As a consumer group, Millennials are just starting to flex their spending power, which will grow significantly in the coming years. While they’re years from fully establishing themselves, they’re already having a marked impact on the global consumer landscape.
We asked Millennials, Generation Xers and Baby Boomers around the world to tell us how satisfied they are with everything about their jobs. Across a sample of respondents from 60 countries who said they are currently employed, satisfaction levels highlight workplace trends worth paying attention to.
Our outlook on life is often shared with others who have similar traits—and age is no exception. But many of today’s consumers are bucking yesterday’s preconceived generational notions. In fact, many older people are embracing a more technology-driven world, and sizeable numbers of younger people are turning to more traditional values.
Depending on our age, our approach to something as simple as getting up-to-date news or eating out can be drastically different. But today’s consumers are bucking yesterday’s preconceived generational notions.
Despite the fact that Millennials are coming of age in one of the most difficult economic climates in the past 100 years, a recent Nielsen global online study found that they continue to be most willing to pay extra for sustainable offerings—almost three-out-of-four respondents in the latest findings, up from approximately half in 2014.
What are today's Future Talent—students close to graduating or college-educated, newly working professionals—looking for when seeking employment or making purchases? A recent study on corporate reputation explores the factors these young future leaders consider.
Millennials comprise about one-third of “Opinion Elites,” an influential subset of the public who are highly informed, engaged and active when it comes to social and business issues. And just as Millennials' shopping, dietary and financial decisions differ from those of older generations, younger Opinion Elites (aged 18-34) focus on different qualities than their older peers when assessing a corporate reputation.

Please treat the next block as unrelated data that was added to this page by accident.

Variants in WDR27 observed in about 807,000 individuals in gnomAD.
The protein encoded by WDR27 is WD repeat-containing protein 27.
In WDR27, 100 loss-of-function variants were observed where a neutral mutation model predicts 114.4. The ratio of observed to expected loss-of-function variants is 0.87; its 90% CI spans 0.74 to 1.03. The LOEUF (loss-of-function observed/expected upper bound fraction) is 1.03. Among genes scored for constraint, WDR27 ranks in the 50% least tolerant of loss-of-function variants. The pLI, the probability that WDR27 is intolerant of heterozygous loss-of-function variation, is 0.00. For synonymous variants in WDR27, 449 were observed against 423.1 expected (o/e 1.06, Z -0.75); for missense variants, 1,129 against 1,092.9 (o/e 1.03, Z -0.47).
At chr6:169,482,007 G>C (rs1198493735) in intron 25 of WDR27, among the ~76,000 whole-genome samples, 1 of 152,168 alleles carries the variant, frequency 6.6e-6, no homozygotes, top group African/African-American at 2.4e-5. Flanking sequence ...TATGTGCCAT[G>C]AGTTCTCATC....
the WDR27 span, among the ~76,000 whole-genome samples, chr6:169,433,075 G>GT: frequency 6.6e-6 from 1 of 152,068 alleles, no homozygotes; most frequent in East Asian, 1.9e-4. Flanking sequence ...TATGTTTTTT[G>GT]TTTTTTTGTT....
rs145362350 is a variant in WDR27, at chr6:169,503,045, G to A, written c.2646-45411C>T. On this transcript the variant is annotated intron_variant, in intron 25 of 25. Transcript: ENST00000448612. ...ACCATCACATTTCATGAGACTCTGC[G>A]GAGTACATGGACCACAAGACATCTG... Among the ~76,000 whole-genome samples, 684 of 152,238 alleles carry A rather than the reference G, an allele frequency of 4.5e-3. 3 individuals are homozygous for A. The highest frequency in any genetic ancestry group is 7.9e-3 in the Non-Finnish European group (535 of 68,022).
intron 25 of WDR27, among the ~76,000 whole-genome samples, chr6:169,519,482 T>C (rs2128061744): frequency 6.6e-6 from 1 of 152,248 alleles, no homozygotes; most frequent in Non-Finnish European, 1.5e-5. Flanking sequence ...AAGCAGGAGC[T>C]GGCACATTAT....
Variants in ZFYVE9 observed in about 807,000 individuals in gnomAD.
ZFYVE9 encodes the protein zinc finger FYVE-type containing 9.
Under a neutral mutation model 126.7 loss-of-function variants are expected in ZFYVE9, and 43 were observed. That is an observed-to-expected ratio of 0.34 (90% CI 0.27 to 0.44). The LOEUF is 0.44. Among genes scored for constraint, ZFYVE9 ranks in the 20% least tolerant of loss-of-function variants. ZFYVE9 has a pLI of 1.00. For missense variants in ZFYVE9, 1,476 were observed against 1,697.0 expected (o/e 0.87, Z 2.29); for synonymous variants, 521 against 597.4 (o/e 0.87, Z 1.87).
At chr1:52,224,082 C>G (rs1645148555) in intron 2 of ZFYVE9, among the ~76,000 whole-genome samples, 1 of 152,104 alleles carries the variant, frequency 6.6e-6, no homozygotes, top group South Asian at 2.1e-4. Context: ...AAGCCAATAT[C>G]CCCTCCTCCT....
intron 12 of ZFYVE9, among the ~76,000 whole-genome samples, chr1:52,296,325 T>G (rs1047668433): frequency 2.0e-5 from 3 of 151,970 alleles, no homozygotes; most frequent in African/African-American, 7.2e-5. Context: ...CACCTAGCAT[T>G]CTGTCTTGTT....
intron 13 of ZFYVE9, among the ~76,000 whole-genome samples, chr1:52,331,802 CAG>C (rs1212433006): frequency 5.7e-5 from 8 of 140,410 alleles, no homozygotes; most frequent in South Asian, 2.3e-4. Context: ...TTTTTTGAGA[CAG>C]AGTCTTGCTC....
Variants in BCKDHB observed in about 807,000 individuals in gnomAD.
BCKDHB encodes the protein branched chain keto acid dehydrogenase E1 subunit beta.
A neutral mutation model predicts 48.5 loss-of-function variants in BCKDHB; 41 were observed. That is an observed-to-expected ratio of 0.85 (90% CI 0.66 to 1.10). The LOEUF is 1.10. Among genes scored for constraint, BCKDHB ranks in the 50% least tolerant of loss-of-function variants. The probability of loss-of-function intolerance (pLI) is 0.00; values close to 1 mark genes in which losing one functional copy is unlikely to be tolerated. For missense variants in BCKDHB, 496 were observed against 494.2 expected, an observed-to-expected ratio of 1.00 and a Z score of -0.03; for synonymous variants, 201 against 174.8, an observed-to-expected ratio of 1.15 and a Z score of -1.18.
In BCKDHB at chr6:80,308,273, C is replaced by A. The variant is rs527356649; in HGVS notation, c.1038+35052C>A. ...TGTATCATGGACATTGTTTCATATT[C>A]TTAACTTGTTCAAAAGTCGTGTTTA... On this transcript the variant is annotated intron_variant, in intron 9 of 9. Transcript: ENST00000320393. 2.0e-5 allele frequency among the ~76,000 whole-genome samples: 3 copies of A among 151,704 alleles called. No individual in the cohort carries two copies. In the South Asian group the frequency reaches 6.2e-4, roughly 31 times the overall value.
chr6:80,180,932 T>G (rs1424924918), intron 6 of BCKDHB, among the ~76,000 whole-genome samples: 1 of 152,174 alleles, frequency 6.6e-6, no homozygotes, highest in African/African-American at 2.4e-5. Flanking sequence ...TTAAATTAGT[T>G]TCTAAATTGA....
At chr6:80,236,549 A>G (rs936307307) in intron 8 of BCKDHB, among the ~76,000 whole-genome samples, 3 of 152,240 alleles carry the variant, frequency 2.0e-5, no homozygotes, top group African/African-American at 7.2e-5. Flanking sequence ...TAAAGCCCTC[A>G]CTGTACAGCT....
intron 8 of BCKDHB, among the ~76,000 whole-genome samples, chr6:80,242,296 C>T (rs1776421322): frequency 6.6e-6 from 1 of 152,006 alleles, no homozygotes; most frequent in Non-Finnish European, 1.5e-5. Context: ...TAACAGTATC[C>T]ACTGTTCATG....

Nearly half (49%) of global respondents in Nielsen’s Global Health & Wellness Survey consider themselves overweight, and a similar percentage (50%) is actively trying to lose weight. But men and women are not necessarily aligned with the steps they take in the battle of the bulge.
While global sentiment about personal finances and the costs of living has been trending up for about two years now, men and women aren’t exactly on the same page when it comes to what’s in their pockets. Generally speaking, women see a bright side, but men are seeing an even brighter side.
The age of the Rural Super Consumer is upon us– a new breed of rural consumer who is engaged, both emotionally and economically with brands across categories. With more than 800 million consumers who will be influenced by the Rural Super Consumers, brands will ignore this new breed at their own peril.
With elections around the corner and continued pressures on spending, 2014 is poised to be a defining year for both the consumer as well as for the industry. Though overall sentiment remains weak, the fundamentals of our economy remain resilient and the opportunity for growth robust. Looking back at the insights and information gleaned over the course of the year gone by, here’s what the road ahead looks like, the emerging areas of growth, and what you can do to improve chances of your brand’s success.